However, as man began to repopulate the earth, sin of every kind imaginable once again bore its ugly fruit. In 2 Samuel chapters 13-14 we read the sordid story of how David’s children followed in his footsteps by committing horrific crimes, namely incest, rape and murder.  Furthermore, David did not seem to do anything about any of the crimes.  Oh, he got furious, but that was the extent of it. Because he neglected to address issues with his children, he opened the door for them to commit some version of the same sins he committed—adultery, murder, deception, etc.

My heart is sick over the alarming statistics about domestic violence and rape in our country.  According to RAINN “every 107 seconds another American is sexually assaulted.” And 1 out of 5 women have experienced some level of sexual abuse.  1 in 4 women have or will be the victim of domestic violence, and most of them are never reported (Safehorizon).”Men who as children witnessed their parents’ domestic violence [are] were twice as likely to abuse their own wives than sons of nonviolent parents” (Domestic Violence Statistics).

loveWhen someone swears you to secrecy about what’s happening in your relationship, all kinds of red flags should go up in your mind.  When someone tells you that the harm he is inflicting upon you be it physical or verbal is for your good, or because the perpetrator loves you, or that you deserve what he is doing to you, it’s a lie.  LOVE DOES NOT HURT DAY AFTER DAY.

When it comes to lovemaking, God gave it as an expression of intimacy between two people who are committed to one another for a lifetime.  He did not give it for one partner to enjoy and the other to endure.  Pleasure derived from hurting someone is evil.  Letting someone hurt you repeatedly is abnormal.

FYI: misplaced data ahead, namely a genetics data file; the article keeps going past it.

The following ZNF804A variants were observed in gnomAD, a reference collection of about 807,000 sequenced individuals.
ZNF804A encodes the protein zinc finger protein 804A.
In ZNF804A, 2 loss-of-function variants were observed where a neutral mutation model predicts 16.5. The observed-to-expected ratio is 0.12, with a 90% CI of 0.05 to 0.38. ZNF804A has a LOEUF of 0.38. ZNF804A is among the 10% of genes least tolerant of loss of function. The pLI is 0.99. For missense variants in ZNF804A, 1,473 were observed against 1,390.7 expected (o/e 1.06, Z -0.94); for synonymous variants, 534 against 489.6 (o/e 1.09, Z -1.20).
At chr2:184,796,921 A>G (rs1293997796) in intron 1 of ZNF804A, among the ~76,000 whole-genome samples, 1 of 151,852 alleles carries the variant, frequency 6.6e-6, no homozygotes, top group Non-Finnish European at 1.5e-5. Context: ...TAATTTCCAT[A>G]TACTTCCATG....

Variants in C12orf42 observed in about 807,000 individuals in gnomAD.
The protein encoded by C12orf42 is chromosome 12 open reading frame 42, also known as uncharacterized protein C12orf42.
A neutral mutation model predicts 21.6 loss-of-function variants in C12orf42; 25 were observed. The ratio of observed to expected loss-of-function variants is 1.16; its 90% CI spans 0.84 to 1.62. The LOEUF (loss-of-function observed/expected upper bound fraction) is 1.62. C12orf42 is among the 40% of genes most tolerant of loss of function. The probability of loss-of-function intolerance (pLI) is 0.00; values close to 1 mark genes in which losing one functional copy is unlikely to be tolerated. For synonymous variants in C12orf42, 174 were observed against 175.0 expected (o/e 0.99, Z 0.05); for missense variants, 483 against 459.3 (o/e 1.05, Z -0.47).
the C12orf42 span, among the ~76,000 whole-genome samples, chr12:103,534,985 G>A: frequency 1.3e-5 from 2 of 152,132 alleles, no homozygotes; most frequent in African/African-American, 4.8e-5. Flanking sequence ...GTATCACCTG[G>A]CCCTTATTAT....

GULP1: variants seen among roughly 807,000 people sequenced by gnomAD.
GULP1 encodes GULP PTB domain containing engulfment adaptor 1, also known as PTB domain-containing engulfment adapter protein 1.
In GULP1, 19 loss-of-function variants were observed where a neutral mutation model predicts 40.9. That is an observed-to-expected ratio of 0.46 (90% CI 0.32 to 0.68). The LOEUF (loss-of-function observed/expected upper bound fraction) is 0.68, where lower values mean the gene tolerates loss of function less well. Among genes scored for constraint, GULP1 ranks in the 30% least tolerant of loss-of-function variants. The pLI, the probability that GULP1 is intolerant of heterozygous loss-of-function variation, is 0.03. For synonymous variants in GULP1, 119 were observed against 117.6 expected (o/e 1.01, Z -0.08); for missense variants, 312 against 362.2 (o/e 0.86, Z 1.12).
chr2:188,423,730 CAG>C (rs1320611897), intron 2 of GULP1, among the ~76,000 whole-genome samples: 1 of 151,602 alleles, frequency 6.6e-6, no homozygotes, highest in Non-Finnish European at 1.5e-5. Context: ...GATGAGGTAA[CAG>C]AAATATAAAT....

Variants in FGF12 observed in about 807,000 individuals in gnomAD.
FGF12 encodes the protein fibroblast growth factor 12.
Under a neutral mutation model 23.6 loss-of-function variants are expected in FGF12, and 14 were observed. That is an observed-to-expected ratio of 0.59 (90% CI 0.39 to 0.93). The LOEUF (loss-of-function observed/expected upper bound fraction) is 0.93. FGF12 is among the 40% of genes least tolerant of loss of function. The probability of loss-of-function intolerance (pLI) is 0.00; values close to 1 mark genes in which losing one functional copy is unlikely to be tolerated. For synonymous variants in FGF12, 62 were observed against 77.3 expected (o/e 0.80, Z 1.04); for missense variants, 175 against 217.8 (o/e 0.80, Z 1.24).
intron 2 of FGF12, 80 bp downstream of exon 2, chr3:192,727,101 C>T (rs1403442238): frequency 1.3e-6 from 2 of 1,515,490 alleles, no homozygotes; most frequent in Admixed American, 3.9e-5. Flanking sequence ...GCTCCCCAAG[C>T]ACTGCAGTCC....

Millions of women today are subjected to physical and/or verbal abuse daily in the privacy of their own home.  Dominated by someone eaten up with narcissism they are whipped into submission either physically or verbally.

ephesiansLet me be clear.  The Bible clearly states that a woman is supposed to be submissive to her husband and to respect him.  However, that does not mean she is to become a doormat or treated as a thing to be used by any other person.  Instead, she should be cherished and loved like Christ loved the church (Ephesians 5:25-29).

In preparation for our study today I asked Waylon, my husband, what the Bible says about rape.  This is what he said, “Many passages in the Bible speak to the issue of rape.  Passages like being kind to one another, loving your neighbor as yourself, doing to others as you would have them do to you, as well as, what Jesus said about lust and what Paul said to husbands about not being harsh with their wives slam the door long before it comes to rape.”

The same is true about domestic violence. Domestic violence is ‘fifty shades of wrong.”  Rape and any form of sexual abuse is “fifty shades of wrong.” Neither fall into the grey category. They are abhorrent to God (Deuteronomy 22:25-27).

When are we going to wake up and call these heinous crimes what they are—evil?

When are we going to stop supporting whatever trash the box office offers?

At the Oscars Sunday evening, Melanie Griffith, the mother of Dakota Johnson, who stars in “Fifty Shades of Grey” was asked if she had seen the movie. You may be surprised at how she responded, “No, I don’t think I can.”  Though her daughter was angry and the reporter encouraged Griffith to see the movie, she clearly resisted. Jim Denison in Denison Forum on Truth and Culture asks THE question: “If a film is so immoral that a mother can’t see her daughter act in it, why should anyone else see it?”

I rest my case.

Gracious Father, when we think about the sexually charged and unrestrained violent culture we live in, it’s hard to breathe.  Countless women were victimized today, and those who have already been exploited are too many to count.  I ask you to be near those women –even men, especially little boys who have been taken advantage of or abused today.  Please put someone in their paths to comfort and support them.  Give them strength and courage to get out of any unhealthy relationships.  Heal their minds and bodies and make them whole again.  In Jesus’ Name, Amen.